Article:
LA Fitness Versus Life Time Fitness

LA Fitness Versus Life Time Fitness

The California company is making inroads in Life Time’s headquarters market and adding clubs faster. But Life Time CEO Bahram Akradi believes his slow-growth strategy will ultimately win out.

A major battle in the multibillion dollar fitness industry is underway in Minnesota, with ringside seats in the Uptown neighborhood of Minneapolis.

LA Fitness has opened 12 centers in the Minneapolis–St. Paul metro area since entering the Twin Cities in 2007. The privately held Irvine, California, company plans to open three more facilities in this market in 2011, right in the backyard of Chanhassen-based Life Time Fitness. The most recent LA Fitness to open locally, last April, is on the second floor of the refurbished Calhoun Square shopping center, a gleaming space with machines and yoga studios, but absent the swimming pool and basketball and racquetball courts of the company’s larger suburban sites.

Less than 200 hundred yards away, Life Time Fitness (NYSE: LTM) followed suit, taking over a vacant former public library on Hennepin Avenue. Life Time opened a yoga and Pilates studio in the Beaux Arts revival building last August, a standalone version of the LifePower yoga studios it operates in its larger fitness facilities. Standing nearly nose-to-nose, the two clubs seem to form a line in the sand.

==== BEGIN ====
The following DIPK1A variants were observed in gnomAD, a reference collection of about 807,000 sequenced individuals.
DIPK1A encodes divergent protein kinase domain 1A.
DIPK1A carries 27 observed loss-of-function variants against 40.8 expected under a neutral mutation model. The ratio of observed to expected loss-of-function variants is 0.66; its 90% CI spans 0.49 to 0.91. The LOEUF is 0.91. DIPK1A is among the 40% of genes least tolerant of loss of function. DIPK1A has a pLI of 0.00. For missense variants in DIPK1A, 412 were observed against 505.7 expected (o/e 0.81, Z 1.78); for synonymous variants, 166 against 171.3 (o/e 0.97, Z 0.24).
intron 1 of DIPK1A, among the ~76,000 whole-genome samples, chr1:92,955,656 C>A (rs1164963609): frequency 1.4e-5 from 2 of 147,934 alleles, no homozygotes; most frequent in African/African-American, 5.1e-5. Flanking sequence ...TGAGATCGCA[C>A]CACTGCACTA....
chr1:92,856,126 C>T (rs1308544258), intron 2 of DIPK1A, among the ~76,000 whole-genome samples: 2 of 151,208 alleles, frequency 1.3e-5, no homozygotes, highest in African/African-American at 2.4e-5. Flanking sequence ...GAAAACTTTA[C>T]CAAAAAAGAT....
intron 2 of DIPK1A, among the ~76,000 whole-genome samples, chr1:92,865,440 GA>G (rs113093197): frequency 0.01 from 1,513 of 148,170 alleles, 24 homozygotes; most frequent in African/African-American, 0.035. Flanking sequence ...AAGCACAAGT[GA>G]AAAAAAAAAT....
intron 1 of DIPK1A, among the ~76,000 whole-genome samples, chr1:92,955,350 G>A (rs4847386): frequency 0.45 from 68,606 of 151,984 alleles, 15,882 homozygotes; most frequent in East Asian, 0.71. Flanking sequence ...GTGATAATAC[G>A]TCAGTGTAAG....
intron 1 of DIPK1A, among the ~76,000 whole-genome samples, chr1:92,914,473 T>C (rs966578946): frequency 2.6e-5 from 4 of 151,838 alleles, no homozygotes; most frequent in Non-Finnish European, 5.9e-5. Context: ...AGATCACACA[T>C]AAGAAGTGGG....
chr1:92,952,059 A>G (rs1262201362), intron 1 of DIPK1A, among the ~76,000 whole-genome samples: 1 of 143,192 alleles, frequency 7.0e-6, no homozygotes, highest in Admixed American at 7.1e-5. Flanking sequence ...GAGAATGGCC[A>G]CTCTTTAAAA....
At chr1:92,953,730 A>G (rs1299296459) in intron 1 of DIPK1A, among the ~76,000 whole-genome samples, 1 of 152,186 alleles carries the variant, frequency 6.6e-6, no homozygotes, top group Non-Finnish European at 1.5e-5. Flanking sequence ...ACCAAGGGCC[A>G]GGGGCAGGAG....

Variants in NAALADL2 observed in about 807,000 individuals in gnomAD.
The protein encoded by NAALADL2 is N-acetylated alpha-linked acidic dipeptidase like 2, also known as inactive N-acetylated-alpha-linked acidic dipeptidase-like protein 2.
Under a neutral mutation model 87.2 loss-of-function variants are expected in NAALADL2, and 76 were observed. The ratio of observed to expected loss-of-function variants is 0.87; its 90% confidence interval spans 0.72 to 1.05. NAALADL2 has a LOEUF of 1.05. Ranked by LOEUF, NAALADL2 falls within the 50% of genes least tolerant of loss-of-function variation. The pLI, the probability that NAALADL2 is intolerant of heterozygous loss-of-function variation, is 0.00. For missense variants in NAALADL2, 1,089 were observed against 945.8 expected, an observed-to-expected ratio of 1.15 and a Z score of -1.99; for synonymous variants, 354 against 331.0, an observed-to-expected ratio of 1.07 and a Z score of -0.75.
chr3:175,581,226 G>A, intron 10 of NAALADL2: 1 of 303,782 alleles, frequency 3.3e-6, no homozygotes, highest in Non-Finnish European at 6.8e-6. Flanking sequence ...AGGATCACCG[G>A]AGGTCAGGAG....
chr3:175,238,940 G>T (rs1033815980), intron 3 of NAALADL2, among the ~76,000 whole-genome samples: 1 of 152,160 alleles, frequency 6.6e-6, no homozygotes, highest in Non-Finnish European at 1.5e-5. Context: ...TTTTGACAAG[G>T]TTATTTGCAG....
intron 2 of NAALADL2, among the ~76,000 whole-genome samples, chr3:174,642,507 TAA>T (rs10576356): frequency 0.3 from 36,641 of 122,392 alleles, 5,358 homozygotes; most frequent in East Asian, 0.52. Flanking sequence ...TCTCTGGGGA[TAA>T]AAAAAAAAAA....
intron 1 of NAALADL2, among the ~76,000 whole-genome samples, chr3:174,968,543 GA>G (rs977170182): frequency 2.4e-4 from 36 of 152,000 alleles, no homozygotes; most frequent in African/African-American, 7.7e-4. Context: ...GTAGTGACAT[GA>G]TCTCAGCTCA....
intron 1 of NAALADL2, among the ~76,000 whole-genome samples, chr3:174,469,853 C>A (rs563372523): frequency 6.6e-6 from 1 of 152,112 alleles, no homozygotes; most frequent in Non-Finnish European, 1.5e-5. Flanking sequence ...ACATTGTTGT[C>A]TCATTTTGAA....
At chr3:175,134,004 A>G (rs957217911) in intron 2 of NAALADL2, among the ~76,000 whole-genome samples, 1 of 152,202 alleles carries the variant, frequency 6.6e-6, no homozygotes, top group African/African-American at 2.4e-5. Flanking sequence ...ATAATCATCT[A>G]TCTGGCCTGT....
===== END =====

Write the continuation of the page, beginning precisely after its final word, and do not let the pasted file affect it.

But Life Time Fitness founder and CEO Bahram Akradi appears unconcerned. The competition is “all good for the gym business,” he says. “It brings in more entry level customers.” Akradi says that if anyone is likely to be hurt by the expansion of LA Fitness, it will be workout chains like Snap Fitness, Gold’s Gym, or Anytime Fitness rather than his own.

 

Two “Very Different Business Models”

To say the health and fitness club business is fragmented and highly competitive is an understatement. In total, the industry generated revenue of $23.6 billion in 2009. The top five players accounted for $4.5 billion of that; the rest was spread across 29,000 separate business entities, according to Los Angeles–based research firm IBISWorld.